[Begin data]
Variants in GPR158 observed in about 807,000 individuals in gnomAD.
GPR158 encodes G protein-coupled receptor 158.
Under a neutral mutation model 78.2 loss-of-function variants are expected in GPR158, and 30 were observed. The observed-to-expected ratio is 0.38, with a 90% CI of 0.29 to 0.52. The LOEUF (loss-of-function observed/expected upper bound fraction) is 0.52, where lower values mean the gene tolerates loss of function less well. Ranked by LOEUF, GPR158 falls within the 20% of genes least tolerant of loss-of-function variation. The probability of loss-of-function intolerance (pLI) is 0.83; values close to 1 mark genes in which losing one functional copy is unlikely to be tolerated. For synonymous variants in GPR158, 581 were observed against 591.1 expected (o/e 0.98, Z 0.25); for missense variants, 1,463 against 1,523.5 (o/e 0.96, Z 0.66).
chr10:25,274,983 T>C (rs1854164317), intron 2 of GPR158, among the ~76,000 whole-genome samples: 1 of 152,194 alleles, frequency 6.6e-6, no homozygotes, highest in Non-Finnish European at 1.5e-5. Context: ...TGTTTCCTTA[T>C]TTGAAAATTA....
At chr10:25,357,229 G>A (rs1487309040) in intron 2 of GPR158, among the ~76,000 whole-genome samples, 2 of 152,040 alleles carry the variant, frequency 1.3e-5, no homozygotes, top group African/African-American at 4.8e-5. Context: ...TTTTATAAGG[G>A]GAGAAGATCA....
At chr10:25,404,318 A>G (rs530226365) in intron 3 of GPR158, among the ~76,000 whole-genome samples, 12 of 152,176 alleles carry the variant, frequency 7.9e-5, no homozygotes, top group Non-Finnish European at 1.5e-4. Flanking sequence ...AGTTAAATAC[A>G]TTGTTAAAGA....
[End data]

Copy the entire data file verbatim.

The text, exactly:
Variants in GPR158 observed in about 807,000 individuals in gnomAD.
GPR158 encodes G protein-coupled receptor 158.
Under a neutral mutation model 78.2 loss-of-function variants are expected in GPR158, and 30 were observed. The observed-to-expected ratio is 0.38, with a 90% CI of 0.29 to 0.52. The LOEUF (loss-of-function observed/expected upper bound fraction) is 0.52, where lower values mean the gene tolerates loss of function less well. Ranked by LOEUF, GPR158 falls within the 20% of genes least tolerant of loss-of-function variation. The probability of loss-of-function intolerance (pLI) is 0.83; values close to 1 mark genes in which losing one functional copy is unlikely to be tolerated. For synonymous variants in GPR158, 581 were observed against 591.1 expected (o/e 0.98, Z 0.25); for missense variants, 1,463 against 1,523.5 (o/e 0.96, Z 0.66).
chr10:25,274,983 T>C (rs1854164317), intron 2 of GPR158, among the ~76,000 whole-genome samples: 1 of 152,194 alleles, frequency 6.6e-6, no homozygotes, highest in Non-Finnish European at 1.5e-5. Context: ...TGTTTCCTTA[T>C]TTGAAAATTA....
At chr10:25,357,229 G>A (rs1487309040) in intron 2 of GPR158, among the ~76,000 whole-genome samples, 2 of 152,040 alleles carry the variant, frequency 1.3e-5, no homozygotes, top group African/African-American at 4.8e-5. Context: ...TTTTATAAGG[G>A]GAGAAGATCA....
At chr10:25,404,318 A>G (rs530226365) in intron 3 of GPR158, among the ~76,000 whole-genome samples, 12 of 152,176 alleles carry the variant, frequency 7.9e-5, no homozygotes, top group Non-Finnish European at 1.5e-4. Flanking sequence ...AGTTAAATAC[A>G]TTGTTAAAGA....